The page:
One would be hard-pressed to imagine a more universal experience than that of fatherhood. Fathers are common to all of us and a significant minority of us are or will be fathers. And yet, fatherhood is in trouble, particularly in the United States, where 25 percent of the children are born out of wedlock, mostly with absent fathers, and fully 50 percent of our children experience the trauma of divorce.
This edition of the Beacon is dedicated to fatherhood and to the truths and actions that will make us better actual and surrogate fathers.
One of the great privileges of my life is that of fatherhood. My 26-year-old son, Mark, is pursuing a Ph.D. in political science. As I have pondered about our relationship and its many pleasures and challenges, I am reminded of a classic father-son experience, that of learning to drive a car. When Mark was in the 10th grade, my wife and I found him a used car with a high crash safety rating (our choice) and a fire engine red paint job (his choice). He still drives the car.
I vividly remember as we drove around a parking lot at Anderson College, him turning to me and saying, “I don’t think I can do this, I don’t think that I’ll ever learn how to drive.” Seizing the teachable moment, I replied, “Son, you can accomplish whatever you set your mind to do and look around you everybody learns how to drive and if they can do it so can you. Here is the key: believe that you will succeed, take it one step at a time and practice, practice, practice.”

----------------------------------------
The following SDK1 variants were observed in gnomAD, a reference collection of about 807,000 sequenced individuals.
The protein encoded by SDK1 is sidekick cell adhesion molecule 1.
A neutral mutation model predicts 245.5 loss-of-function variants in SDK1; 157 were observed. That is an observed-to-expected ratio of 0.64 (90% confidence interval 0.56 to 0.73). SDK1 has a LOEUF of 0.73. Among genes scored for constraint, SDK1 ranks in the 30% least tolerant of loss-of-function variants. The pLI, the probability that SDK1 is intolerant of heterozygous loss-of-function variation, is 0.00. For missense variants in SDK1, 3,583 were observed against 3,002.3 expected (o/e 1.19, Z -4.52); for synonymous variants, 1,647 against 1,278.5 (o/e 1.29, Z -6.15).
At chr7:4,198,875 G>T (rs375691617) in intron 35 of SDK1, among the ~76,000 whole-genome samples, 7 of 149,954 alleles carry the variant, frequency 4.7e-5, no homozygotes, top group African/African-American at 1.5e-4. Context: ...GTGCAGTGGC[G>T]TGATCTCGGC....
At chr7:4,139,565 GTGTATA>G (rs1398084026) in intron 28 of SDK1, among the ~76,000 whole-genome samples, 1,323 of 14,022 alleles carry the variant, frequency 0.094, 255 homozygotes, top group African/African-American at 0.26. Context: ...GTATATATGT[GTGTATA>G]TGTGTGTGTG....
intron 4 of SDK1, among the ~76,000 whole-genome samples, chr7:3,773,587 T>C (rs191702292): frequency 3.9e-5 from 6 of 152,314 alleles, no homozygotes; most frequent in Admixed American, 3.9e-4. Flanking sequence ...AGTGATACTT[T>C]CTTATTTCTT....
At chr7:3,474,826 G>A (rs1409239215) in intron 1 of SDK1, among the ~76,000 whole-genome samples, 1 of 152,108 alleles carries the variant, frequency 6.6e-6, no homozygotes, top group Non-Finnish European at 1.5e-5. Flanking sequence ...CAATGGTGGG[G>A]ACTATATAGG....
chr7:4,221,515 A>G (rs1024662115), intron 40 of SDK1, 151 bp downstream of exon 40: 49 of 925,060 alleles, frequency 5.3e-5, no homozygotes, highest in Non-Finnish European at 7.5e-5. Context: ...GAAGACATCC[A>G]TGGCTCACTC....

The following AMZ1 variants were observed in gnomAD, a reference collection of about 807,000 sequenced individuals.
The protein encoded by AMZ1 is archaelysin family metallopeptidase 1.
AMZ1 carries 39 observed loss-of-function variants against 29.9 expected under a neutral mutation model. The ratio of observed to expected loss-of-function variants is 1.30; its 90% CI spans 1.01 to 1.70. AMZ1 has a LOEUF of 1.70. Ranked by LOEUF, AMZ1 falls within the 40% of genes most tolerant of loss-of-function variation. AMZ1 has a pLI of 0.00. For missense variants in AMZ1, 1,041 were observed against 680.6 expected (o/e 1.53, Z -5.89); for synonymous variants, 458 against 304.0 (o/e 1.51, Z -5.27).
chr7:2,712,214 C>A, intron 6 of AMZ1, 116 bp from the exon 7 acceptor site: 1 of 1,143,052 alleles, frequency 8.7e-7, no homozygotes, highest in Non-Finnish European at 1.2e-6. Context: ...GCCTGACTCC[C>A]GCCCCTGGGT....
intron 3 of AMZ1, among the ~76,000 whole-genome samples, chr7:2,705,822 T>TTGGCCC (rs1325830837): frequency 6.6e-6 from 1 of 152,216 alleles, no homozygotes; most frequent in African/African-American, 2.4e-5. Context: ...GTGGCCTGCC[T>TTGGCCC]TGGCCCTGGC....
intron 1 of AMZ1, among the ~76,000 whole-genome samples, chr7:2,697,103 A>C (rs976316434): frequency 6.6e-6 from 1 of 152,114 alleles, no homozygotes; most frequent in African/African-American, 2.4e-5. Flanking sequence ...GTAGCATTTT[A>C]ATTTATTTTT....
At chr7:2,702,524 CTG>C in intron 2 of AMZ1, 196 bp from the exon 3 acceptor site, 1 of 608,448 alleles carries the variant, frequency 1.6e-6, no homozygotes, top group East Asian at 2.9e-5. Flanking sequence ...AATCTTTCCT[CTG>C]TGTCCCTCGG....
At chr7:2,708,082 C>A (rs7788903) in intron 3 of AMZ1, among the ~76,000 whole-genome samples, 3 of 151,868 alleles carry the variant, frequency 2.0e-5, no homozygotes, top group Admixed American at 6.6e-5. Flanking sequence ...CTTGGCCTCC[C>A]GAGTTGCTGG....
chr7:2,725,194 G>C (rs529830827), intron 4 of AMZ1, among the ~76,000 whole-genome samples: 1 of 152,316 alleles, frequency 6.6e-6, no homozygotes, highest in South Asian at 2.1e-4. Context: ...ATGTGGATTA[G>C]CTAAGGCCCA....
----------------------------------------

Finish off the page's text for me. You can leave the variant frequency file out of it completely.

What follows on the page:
This advice remains good in so many ways and for so many goals we attempt. Of course, Mark learned how to drive and to succeed in so many other ways too, serving his community and his Lord and making his parents very proud.
If you are a father, strive to become a better father. If you can substitute for absent fathers, do so. Take the mentoring opportunities that fatherhood affords. I hope this issue of the Beacon will inspire in each of us a new appreciation for the human fathers who guided us to the best of their abilities and a renewed love for the Heavenly Father who guided them in their efforts. May we all learn from our Heavenly Father the highest lessons of fatherhood.